(Updated on Feb. 2, 2010 at 5 p.m. EST)
The Chicago Public School Teachers' Pension and Retirement Fund and the City of Atlanta Firefighters' Pension Plan filed a joint federal lawsuit against Northern Trust, claiming it breached fiduciary duty in managing their assets in securities-lending programs.
Total assets of the Chicago fund are $9.2 billion and the Atlanta fund, $363 million.
The suit was filed Jan. 29 in U.S. District Court in Chicago. Judge Rebecca Pallmeyer is presiding over the case, which seeks class-action status.
The suit accuses Northern Trust Investments NA and its parent, Northern Trust Co., of “breaches of contract and fiduciary duty” in managing assets for the funds related to securities lending.
Rather than invest securities-lending collateral pools for the Chicago and Atlanta funds “in conservative, highly liquid, ultra-short-term investment funds” Northern Trust, “in flagrant violation of its duties, instead locked those funds into risky, long-term investments — including hundreds of millions of dollars of unregistered, illiquid securities that plummeted in value,” the 43-page complaint said.
“For example, as of July 31, 2007, almost 70% of the securities held in (the Short-Term Extendable Portfolio) were not due to mature for over a year-and-half, and over 20% of the securities in STEP were not due for at least 10 years,” the suit alleges.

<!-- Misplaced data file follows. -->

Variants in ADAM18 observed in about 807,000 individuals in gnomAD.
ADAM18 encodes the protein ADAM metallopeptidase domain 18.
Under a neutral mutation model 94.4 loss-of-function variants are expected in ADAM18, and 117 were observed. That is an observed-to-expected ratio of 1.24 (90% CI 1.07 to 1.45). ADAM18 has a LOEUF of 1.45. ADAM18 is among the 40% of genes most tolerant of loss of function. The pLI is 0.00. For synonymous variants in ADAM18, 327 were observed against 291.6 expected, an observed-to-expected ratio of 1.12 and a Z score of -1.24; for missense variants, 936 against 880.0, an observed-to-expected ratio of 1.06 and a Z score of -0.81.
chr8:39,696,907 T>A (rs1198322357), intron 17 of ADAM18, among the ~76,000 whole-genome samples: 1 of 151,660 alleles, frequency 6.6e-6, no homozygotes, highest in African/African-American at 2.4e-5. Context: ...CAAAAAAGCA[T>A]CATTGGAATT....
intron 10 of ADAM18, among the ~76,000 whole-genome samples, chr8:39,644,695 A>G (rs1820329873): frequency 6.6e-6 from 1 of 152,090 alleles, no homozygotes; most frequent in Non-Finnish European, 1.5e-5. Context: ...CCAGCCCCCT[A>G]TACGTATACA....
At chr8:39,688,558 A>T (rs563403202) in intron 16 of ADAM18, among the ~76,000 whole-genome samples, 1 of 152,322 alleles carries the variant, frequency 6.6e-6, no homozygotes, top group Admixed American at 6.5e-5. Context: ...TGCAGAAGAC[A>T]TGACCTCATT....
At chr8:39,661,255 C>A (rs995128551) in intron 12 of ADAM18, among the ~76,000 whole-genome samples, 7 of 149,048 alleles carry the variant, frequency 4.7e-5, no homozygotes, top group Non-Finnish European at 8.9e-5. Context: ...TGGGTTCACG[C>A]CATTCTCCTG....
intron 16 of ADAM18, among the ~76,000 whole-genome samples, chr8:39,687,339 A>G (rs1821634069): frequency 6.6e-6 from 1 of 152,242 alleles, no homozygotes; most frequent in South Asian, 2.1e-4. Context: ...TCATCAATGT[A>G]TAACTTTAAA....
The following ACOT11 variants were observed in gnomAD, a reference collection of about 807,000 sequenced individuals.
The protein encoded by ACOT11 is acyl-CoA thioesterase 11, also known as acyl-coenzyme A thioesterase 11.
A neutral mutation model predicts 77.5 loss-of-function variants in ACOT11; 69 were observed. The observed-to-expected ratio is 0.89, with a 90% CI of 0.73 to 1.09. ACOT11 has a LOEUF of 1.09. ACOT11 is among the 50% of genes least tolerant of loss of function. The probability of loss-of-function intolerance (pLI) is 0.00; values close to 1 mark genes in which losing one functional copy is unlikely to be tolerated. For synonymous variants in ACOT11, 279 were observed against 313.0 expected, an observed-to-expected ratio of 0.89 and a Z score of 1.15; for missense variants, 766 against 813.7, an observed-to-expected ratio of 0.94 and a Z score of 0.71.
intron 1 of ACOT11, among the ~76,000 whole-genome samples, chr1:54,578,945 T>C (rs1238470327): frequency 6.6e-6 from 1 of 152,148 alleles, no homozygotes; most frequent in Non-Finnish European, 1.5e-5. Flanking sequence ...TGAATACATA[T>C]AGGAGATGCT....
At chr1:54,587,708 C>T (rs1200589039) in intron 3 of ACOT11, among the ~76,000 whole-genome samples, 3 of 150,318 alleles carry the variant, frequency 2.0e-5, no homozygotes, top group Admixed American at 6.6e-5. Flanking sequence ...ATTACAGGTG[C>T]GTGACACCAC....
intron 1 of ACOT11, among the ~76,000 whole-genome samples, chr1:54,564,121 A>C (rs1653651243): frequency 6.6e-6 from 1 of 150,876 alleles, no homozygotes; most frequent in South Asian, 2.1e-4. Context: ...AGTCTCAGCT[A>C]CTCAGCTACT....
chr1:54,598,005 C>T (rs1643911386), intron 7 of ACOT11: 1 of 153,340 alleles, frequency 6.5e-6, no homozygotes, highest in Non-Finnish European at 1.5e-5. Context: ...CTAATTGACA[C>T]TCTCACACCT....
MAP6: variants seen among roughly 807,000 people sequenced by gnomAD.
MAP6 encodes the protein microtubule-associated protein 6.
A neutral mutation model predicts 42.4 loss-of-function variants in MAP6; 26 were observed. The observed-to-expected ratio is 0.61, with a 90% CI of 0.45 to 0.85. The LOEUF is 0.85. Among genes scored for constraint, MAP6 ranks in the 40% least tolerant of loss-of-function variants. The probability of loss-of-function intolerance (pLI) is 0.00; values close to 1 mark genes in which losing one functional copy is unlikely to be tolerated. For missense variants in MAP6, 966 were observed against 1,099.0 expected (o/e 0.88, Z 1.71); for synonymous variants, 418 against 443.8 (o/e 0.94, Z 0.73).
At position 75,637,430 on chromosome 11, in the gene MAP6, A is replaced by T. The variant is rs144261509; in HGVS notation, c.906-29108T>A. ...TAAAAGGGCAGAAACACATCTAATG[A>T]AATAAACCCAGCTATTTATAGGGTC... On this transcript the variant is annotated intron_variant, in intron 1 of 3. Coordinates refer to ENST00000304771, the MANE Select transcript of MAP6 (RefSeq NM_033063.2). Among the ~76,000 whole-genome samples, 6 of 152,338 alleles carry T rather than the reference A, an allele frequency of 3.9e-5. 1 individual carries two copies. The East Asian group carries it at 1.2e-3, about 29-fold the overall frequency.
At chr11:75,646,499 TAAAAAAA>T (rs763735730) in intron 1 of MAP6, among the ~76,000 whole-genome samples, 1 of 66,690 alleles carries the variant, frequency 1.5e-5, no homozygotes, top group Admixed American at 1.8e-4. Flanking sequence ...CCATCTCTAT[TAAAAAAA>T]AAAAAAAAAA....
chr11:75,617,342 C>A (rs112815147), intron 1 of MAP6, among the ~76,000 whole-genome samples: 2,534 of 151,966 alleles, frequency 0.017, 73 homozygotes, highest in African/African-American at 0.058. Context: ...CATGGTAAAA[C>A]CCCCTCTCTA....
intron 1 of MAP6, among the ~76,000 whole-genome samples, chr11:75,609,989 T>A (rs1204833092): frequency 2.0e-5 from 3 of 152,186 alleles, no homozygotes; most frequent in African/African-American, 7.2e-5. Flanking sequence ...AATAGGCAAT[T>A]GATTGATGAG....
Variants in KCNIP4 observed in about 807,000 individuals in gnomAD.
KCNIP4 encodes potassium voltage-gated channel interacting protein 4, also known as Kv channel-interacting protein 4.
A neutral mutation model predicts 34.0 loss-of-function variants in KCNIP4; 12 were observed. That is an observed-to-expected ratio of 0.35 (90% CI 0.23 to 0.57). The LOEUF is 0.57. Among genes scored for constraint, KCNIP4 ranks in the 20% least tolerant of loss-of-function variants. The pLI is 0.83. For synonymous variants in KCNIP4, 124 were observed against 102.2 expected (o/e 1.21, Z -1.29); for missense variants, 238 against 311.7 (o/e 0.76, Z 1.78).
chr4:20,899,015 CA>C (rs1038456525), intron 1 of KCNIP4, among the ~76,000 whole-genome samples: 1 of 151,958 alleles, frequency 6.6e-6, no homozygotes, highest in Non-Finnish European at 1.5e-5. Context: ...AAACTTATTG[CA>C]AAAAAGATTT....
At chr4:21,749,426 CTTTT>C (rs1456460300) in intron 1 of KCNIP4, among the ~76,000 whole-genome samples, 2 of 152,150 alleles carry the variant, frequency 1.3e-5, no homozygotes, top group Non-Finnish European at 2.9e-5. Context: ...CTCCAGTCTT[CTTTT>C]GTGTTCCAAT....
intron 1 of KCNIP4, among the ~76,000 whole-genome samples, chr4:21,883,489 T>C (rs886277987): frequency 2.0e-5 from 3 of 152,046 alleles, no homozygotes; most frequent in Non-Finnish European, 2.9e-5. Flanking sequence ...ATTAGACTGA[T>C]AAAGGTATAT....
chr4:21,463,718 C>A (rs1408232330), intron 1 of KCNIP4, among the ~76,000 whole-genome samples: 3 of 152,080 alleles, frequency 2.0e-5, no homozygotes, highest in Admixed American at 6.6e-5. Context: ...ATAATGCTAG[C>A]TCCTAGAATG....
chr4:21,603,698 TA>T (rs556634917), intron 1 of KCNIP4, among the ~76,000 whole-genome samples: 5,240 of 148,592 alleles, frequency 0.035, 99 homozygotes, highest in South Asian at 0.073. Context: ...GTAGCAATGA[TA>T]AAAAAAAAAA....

“The STEP portfolio included hundreds of millions of dollars in exotic, unregistered securities issued by ‘structured investment vehicles' or “SIVs”— entities that were recently identified in hearings before the congressional Financial Crisis Inquiry Commission as one of the ‘causes of the financial crisis' that ‘served no good or productive purpose in the financial system'—and millions more in securities backed by risky residential mortgages and other consumer loans.”
As of July 31, 2007, “over 15% of the securities in STEP were invested in unregistered securities — securities which, by definition, can only be sold under certain narrow circumstances and for which there is no ready market,” the suit said. Those unregistered securities include two structured investment vehicles, “Sigma Finance and (its corporate sibling) Theta Finance Corp. — which were created and managed by the United Kingdom-based investment management company, Gordian Knot …. The notes issued by SIVs are exotic, high-risk investments that were outside the enumerated classes of securities that were permitted to be held in STEP,” the suit said. “Moreover, because SIVs in general, and Sigma and Theta in particular, lacked an established track record, they were inappropriate investments for a conservative fund such as STEP.”
The suit cites warnings of Northern Trust's chief economist, Paul Kasriel, including one in 2006 “that the U.S. housing market was in a ‘recession' and that the housing market would ‘pull the economy down' in 2007.”